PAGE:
Every system has advantages and disadvantages. Our current Fee-for-Service based Medicare system works well for simple one-off consultations. It also has the advantage of being relatively easy to understand and administer. The improvement most needed for Medicare is to modify the existing MBS schedule to provide recognition and payment for the Service that patients need.
There needs to be a new Fee (i.e. an MBS Item number) for ‘Supervising and Coordinating care’ for an extended period of time, over and above the current system based on separate episodes of care.
What would be the features of such a Fee?: –
- The item would be paid to a single GP nominated by a patient (with the GPs agreement) to be their ‘Supervising Practitioner’ for an extended period (e.g. twelve months).
- The new item would pay for an initial ‘health care planning consultation’, and then ongoing supervision of the patient’s care for the twelve months. Assuming both patient and GP are happy, the role would then continue as long as the patient was ‘on the books’ of that GP.
- ‘Normal’ (one-off) consultations would continue as now, with the patient able to choose anyone to attend, but with a requirement that any service provided under Medicare would include providing a report to the ‘Supervising Practitioner’.
- The Supervising Practitioner would be responsible for maintaining the patients record (i.e. receiving and filing the above) and (with the patient’s consent) providing necessary information to other appropriate practitioners.
- The fee would be scaled for increasing clinical complexity. More complex patients may require a ‘Planning Consultation’ more frequently, such as three-monthly. There could also be a loading for rural, remote, frail elderly or ‘challenging’ patients.
- An ‘old-style’ GP practice, providing the valuable service of coordinating and supervising a patient’s long-term health care, may be able to derive (say) 20% of their income from this payment. A medical centre providing single-consultation without ongoing commitment would not gain the coordinating fee.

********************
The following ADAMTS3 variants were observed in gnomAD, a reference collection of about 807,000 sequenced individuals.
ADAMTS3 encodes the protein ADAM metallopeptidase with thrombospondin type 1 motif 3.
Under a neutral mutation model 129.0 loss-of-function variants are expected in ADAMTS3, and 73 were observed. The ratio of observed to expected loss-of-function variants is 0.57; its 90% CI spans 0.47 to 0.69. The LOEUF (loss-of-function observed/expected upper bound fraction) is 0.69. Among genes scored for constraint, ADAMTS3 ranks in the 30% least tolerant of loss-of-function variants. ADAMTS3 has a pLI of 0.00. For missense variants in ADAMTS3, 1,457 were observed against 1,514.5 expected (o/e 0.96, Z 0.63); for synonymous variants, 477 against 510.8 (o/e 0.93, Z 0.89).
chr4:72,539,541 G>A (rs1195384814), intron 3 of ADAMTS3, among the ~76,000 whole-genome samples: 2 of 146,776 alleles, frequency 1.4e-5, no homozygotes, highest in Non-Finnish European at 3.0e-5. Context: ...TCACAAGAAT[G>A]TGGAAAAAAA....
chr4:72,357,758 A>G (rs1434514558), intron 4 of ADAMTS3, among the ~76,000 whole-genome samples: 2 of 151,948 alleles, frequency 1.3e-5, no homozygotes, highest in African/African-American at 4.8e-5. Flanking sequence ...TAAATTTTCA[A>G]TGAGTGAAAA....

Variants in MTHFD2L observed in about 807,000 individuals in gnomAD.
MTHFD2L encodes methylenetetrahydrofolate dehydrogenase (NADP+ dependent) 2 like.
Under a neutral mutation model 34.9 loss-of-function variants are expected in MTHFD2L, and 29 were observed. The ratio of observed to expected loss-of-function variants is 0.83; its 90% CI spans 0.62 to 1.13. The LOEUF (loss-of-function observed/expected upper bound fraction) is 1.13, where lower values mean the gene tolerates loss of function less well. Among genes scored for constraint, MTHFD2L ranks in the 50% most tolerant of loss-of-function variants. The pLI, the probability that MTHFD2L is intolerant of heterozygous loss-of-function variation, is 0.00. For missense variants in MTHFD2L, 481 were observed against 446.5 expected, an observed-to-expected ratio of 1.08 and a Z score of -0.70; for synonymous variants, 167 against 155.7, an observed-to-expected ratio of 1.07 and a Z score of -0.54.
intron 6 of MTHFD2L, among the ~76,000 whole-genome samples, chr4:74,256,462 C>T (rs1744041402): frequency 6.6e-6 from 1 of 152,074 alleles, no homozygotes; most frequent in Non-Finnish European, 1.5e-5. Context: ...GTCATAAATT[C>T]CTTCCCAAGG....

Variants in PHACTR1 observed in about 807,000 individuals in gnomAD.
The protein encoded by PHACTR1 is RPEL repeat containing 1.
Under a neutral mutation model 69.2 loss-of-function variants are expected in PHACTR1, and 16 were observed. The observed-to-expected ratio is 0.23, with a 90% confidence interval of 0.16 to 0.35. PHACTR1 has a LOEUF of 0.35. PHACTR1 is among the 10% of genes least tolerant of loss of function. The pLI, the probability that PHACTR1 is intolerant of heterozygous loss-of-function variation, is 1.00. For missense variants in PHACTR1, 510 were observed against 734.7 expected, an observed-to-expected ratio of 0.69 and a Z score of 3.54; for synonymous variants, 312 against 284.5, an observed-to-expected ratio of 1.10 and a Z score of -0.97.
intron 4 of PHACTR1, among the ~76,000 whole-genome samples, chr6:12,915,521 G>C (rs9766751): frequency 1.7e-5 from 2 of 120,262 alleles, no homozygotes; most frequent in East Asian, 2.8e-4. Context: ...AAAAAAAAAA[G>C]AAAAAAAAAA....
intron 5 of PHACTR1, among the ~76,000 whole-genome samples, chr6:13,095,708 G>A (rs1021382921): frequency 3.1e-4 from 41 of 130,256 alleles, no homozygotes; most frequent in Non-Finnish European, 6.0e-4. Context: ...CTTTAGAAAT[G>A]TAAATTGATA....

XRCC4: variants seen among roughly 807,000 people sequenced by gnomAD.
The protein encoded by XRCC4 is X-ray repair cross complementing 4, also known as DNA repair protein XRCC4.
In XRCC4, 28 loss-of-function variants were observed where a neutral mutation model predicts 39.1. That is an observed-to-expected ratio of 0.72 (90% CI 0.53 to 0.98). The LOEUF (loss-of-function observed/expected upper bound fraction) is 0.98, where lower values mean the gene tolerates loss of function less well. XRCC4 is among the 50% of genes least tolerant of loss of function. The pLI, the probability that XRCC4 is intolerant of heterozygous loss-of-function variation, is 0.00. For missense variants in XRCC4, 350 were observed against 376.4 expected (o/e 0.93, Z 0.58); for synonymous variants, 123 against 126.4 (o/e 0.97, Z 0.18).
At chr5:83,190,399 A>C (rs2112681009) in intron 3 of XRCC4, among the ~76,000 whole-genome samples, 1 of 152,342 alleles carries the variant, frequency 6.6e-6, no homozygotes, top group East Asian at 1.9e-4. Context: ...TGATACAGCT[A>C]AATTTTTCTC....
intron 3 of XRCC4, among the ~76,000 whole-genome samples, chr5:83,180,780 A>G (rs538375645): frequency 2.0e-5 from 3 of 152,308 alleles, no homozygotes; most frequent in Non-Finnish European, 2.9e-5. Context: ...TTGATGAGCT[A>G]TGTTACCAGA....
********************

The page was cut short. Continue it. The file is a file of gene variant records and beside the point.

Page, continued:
This plan would reinforce the strengths of Australia’s existing system of GPs being the foundation of the healthcare system. It rewards GPs who attract patients who are healthy and use self-maintenance to avoid medical consultations. It provides a framework to encourage GPs to move to underserviced areas where they will gain income for having patients ‘on their books’. It acts to shift the balance away from high-activity clinics focussed on short-term one-off consultations. It reinforces the status and importance of good patient-centred medical care. It might also encourage GPs to develop models of care less dependent on requiring the patient to physically attend the consultation. This may particularly help complex patients such as disabled, frail aged, or residential care patients.
The cost of this new item could be offset by removing some of the current ‘add-on’ programs that are costly to administer and do not necessarily or systematically encourage long-term supervision of care. It would also result in a reduction of waste because it would reduce duplication and provide a single place of reference about the patient’s health care. Treasury would be delighted to know that this particular part of the healthcare budget was fixed – each Australian could only generate one fee annually.
The system would enhance the status, rewards, and professional satisfaction for ‘traditional’ GPs as the foundation of the healthcare system. This may encourage more young doctors into general practice, by formalising a position of the ‘supervisory GP’; the GP’s involvement in high-stakes decision-making (such as planning complex surgery, or care at the end of life) would be established. This would clarify decision-making in hospitals considerably. Most importantly, it would improve long-term patient care.
This modification to Medicare maintains the positive aspects of the Fee For Service system, but rewards important long-term patient care that is not funded by the current system. It can be implemented as a modification of the current system without major redesign, but would nevertheless have major positive ramifications.
The Medicare system is imperfect. Some dream of major reform and wholesale redesign. Maybe that can happen in the long-term.
But in the meantime, who is your GP?
Associate Professor Ross Kerridge is an Anaesthetist and Perioperative Physician at John Hunter Hospital, a large teaching hospital in Newcastle. He is Associate professor at University of Newcastle and a member of AMA NSW State Council. These are his personal opinions.